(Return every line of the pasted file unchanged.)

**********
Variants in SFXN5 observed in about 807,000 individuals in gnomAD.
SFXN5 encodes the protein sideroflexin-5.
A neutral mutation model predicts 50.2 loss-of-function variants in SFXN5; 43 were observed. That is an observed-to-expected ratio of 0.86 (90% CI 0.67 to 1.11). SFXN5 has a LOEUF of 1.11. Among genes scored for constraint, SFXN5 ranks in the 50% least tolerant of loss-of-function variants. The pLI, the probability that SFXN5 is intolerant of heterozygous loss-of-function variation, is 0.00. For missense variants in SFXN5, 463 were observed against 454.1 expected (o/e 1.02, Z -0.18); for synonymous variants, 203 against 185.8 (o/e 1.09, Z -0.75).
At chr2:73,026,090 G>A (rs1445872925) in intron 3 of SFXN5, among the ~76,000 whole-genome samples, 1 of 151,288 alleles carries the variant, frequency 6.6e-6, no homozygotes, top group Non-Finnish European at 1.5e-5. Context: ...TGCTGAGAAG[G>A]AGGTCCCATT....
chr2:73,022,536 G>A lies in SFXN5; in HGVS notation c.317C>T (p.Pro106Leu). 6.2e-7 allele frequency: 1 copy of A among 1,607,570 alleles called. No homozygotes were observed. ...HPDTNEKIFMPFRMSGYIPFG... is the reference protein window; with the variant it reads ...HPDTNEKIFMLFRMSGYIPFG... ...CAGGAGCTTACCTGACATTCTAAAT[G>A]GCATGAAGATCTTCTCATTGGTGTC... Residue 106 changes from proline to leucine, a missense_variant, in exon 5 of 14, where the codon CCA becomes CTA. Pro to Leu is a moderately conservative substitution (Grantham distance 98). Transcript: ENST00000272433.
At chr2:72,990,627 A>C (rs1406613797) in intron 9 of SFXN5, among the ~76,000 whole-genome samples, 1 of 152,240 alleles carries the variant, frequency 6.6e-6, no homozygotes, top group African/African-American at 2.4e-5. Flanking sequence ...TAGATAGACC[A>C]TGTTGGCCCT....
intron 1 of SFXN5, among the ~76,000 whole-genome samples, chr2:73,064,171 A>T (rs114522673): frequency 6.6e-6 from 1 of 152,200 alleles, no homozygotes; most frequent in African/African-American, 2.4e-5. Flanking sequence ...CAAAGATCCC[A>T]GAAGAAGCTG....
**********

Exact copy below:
Variants in SFXN5 observed in about 807,000 individuals in gnomAD.
SFXN5 encodes the protein sideroflexin-5.
A neutral mutation model predicts 50.2 loss-of-function variants in SFXN5; 43 were observed. That is an observed-to-expected ratio of 0.86 (90% CI 0.67 to 1.11). SFXN5 has a LOEUF of 1.11. Among genes scored for constraint, SFXN5 ranks in the 50% least tolerant of loss-of-function variants. The pLI, the probability that SFXN5 is intolerant of heterozygous loss-of-function variation, is 0.00. For missense variants in SFXN5, 463 were observed against 454.1 expected (o/e 1.02, Z -0.18); for synonymous variants, 203 against 185.8 (o/e 1.09, Z -0.75).
At chr2:73,026,090 G>A (rs1445872925) in intron 3 of SFXN5, among the ~76,000 whole-genome samples, 1 of 151,288 alleles carries the variant, frequency 6.6e-6, no homozygotes, top group Non-Finnish European at 1.5e-5. Context: ...TGCTGAGAAG[G>A]AGGTCCCATT....
chr2:73,022,536 G>A lies in SFXN5; in HGVS notation c.317C>T (p.Pro106Leu). 6.2e-7 allele frequency: 1 copy of A among 1,607,570 alleles called. No homozygotes were observed. ...HPDTNEKIFMPFRMSGYIPFG... is the reference protein window; with the variant it reads ...HPDTNEKIFMLFRMSGYIPFG... ...CAGGAGCTTACCTGACATTCTAAAT[G>A]GCATGAAGATCTTCTCATTGGTGTC... Residue 106 changes from proline to leucine, a missense_variant, in exon 5 of 14, where the codon CCA becomes CTA. Pro to Leu is a moderately conservative substitution (Grantham distance 98). Transcript: ENST00000272433.
At chr2:72,990,627 A>C (rs1406613797) in intron 9 of SFXN5, among the ~76,000 whole-genome samples, 1 of 152,240 alleles carries the variant, frequency 6.6e-6, no homozygotes, top group African/African-American at 2.4e-5. Flanking sequence ...TAGATAGACC[A>C]TGTTGGCCCT....
intron 1 of SFXN5, among the ~76,000 whole-genome samples, chr2:73,064,171 A>T (rs114522673): frequency 6.6e-6 from 1 of 152,200 alleles, no homozygotes; most frequent in African/African-American, 2.4e-5. Flanking sequence ...CAAAGATCCC[A>T]GAAGAAGCTG....